"...the right to the use and possession of the surface of such mineral claims, including the use of all timber thereon for the purpose of winning and getting from and out of such claim the minerals contained therein, including all operations connected therewith or with the business of mining."

[233] The claimant contrasts this wording which appears in each of its six Crown-granted mineral claims with what it says is the more restrictive language of section 26 of the Mineral Act, R.S.B.C. 1897, c. 135, which was in force at the time the grants were issued. Section 26 provides in part:

26. Notwithstanding anything to the contrary contained in any Act, every Crown grant hereafter issued of a mineral claim shall convey, and be deemed to convey, only the right to the use and possession of the surface of such claim, including the use of all the timber thereon, for the purpose of winning and getting from and out of such claim the minerals contained therein, including all operations connected therewith or with the business of mining, ...

[234] The claimant refers to the placement of the comma after the words "timber thereon" in the text of section 26 and the absence of the comma from the text of the Crown grants. It submits that, while the statute considered on its own thereby restricts the right to use and possession of the surface, the Crown grants themselves are not restrictive. After conveying to the Crown grant holder the right to use and possession of the surface, they merely enumerate certain uses which the holder might make of the surface. The claimant argues that the words "deemed to convey" in section 26 merely create a rebuttable presumption, and proof is allowed to show in this instance that, because of the wording of the Crown grants, the restrictions on surface rights in the statute do not apply.

[235] The claimant's second proposition, argued in the alternative, is that if the Crown- granted mineral claims failed to convey all rights to the surface, subsequent legislation nevertheless added the right for the holder of the Crown grants to purchase title to the surface. The claimant cites section 7 of the Mineral Act Amendment Act, 1909, S.B.C. 1909, c. 32, which enacted the following provision:

128. The owner of a mineral claim (located on waste lands of the Crown, or on lands not already lawfully occupied for other than mining purposes) for which a Crown grant has issued or may hereafter issue, shall, so long as the surface rights thereof remain in the Crown unencumbered and unreserved, be entitled to receive a Crown grant of such surface rights on payment to the Government of British Columbia of the sum of five dollars per acre for such land, and a fee of ten dollars for the Crown grant.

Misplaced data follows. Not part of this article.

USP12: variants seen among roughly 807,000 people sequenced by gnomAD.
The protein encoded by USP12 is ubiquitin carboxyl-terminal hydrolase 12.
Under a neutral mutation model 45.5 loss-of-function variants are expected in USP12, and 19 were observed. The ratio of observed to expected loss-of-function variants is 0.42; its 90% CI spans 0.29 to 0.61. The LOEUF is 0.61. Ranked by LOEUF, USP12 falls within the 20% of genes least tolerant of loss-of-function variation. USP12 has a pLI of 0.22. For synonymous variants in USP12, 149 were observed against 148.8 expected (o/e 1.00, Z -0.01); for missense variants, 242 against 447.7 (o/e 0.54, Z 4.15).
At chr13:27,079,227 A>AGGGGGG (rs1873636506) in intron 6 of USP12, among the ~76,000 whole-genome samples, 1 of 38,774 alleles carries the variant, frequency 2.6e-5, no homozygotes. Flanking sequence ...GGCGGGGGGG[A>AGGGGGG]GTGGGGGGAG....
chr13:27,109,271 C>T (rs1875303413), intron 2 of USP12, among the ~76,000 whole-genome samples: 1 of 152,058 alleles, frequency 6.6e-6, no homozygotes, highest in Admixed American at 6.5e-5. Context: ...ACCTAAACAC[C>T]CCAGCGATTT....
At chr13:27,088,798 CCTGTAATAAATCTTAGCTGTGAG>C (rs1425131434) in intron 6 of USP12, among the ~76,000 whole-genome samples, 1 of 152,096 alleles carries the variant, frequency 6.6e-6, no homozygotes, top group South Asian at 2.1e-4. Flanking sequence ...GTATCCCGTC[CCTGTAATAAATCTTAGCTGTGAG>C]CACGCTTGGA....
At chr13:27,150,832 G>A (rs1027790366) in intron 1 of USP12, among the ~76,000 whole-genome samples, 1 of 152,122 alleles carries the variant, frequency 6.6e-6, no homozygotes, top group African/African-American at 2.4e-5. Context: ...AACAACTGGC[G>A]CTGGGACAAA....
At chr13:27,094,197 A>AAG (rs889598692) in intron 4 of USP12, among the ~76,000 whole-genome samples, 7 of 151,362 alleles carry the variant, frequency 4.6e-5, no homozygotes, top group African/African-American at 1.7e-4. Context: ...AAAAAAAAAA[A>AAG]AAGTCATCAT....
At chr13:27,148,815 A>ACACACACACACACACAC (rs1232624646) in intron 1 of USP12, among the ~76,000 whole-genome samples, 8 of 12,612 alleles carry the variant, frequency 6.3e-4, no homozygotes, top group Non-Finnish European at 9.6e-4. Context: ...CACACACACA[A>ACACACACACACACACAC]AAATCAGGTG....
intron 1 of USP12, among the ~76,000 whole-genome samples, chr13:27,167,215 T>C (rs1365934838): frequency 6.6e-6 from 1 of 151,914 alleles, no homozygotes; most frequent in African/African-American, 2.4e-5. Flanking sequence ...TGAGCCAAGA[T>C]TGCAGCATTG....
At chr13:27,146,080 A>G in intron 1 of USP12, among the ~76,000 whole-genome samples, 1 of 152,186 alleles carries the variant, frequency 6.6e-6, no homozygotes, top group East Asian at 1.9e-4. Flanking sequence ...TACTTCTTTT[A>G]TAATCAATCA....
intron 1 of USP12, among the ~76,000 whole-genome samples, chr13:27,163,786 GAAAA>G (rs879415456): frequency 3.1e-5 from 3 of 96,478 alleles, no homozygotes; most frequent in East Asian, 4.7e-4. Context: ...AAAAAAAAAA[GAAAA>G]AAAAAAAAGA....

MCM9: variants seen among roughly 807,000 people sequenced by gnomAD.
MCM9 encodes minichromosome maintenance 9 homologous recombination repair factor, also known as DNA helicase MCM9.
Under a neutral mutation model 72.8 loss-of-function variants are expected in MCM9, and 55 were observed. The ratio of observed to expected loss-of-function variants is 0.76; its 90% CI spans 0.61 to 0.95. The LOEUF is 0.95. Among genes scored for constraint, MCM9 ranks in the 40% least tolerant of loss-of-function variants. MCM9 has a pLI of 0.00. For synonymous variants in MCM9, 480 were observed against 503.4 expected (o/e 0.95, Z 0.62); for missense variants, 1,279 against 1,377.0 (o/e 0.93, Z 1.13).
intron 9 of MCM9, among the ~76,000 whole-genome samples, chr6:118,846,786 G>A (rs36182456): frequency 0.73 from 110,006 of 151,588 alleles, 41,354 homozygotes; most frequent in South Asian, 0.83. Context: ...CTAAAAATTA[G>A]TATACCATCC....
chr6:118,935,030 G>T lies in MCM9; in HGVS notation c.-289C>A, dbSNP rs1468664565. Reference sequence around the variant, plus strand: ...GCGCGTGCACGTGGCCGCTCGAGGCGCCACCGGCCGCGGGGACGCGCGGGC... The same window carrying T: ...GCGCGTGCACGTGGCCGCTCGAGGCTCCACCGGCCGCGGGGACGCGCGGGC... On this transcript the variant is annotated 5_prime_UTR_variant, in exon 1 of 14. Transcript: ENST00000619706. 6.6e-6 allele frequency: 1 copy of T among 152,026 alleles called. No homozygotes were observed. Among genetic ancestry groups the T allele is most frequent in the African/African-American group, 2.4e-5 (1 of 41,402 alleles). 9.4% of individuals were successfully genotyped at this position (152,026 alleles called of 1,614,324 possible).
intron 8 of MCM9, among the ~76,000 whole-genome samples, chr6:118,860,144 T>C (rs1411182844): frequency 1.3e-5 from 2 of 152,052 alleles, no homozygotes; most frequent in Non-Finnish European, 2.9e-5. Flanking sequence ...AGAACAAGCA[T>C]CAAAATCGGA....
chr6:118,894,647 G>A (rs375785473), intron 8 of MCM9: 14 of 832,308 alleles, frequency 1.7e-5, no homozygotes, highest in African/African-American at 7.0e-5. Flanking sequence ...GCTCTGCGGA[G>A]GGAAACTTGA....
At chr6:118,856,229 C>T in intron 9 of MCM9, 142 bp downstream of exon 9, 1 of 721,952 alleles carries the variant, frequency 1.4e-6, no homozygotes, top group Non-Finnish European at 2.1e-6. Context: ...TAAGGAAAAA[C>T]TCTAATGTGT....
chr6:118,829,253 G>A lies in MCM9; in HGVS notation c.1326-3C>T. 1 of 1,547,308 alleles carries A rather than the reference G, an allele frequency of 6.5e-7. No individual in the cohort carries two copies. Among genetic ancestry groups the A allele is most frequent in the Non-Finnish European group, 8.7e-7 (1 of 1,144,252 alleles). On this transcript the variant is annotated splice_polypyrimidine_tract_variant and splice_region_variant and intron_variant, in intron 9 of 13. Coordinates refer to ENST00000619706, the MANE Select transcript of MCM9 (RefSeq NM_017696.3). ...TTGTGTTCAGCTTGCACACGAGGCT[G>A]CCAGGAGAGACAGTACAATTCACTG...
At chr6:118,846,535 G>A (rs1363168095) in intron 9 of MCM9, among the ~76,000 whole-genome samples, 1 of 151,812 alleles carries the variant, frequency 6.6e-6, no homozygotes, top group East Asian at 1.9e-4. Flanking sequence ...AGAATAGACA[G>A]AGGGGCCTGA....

The claimant says that subsequent amendments to the legislation did not alter this earlier granted right.

[236] In effect the claimant's third proposition in the alternative is that, even if its right to use and possession of the surface of the Crown-granted mineral claims was technically restricted to mining purposes, it would in fact have been able to make use of the surface for recreational purposes. Such use, the claimant asserts, was the highest and best use of the surface and had a market value.

[237] To support the argument that there was such a market for the surface of the Scranton mine property, the claimant retained as an expert a realtor by the name of Zane Bouvette of LandQuest Realty Corp. Since qualifying as a real estate agent in 1990, Mr. Bouvette has specialized in the marketing and sale of recreational properties including, he stated, many which were in the nature of Crown-granted mineral claims. He prepared a report, dated August 17, 1998, described as a "market evaluation" of the surface of the claimant's six Crown-granted mineral claims. Mr. Bouvette is not a qualified real estate appraiser and his report did not purport to be a full market valuation. However, based on his specialized real estate experience, he was qualified to express the opinions contained within his report as to the probable listing and selling prices for the surface of each of the six claims as recreational properties.

[238] It was Mr. Bouvette's opinion that, as at the date of his report, the six "properties" would probably have sold at prices ranging from $39,000 to $149,000. In total the indicated selling price for all six was $434,000 in 1998. To reach the probable price at the 1989 valuation date, Mr. Bouvette suggested a 20% downward adjustment, which results in a selling price of approximately $347,000. He had assumed for the purpose of making this evaluation that the claimant owned the surface rights. If, however, it turned out that the claimant owned only the undersurface rights, Mr. Bouvette said it would be necessary to discount the price further by approximately 40%. It was his evidence, nevertheless, that the surface of the Crown-granted claims would continue to be marketable for recreational use. He stated in his report:

"There are buyers who are prepared to buy Undersurface Crown Grants and they use them for mining/recreation. They build a cabin on the property and do what is necessary from a mining perspective to keep the title in good standing. This trend is increasing as more and more buyers are being introduced to creative real estate transactions such as syndications, limited partnerships, strata developments etc. Either way you have very saleable properties."

The claimant relied on Mr. Bouvette's evaluation in quantifying its claim for compensation for loss of surface rights.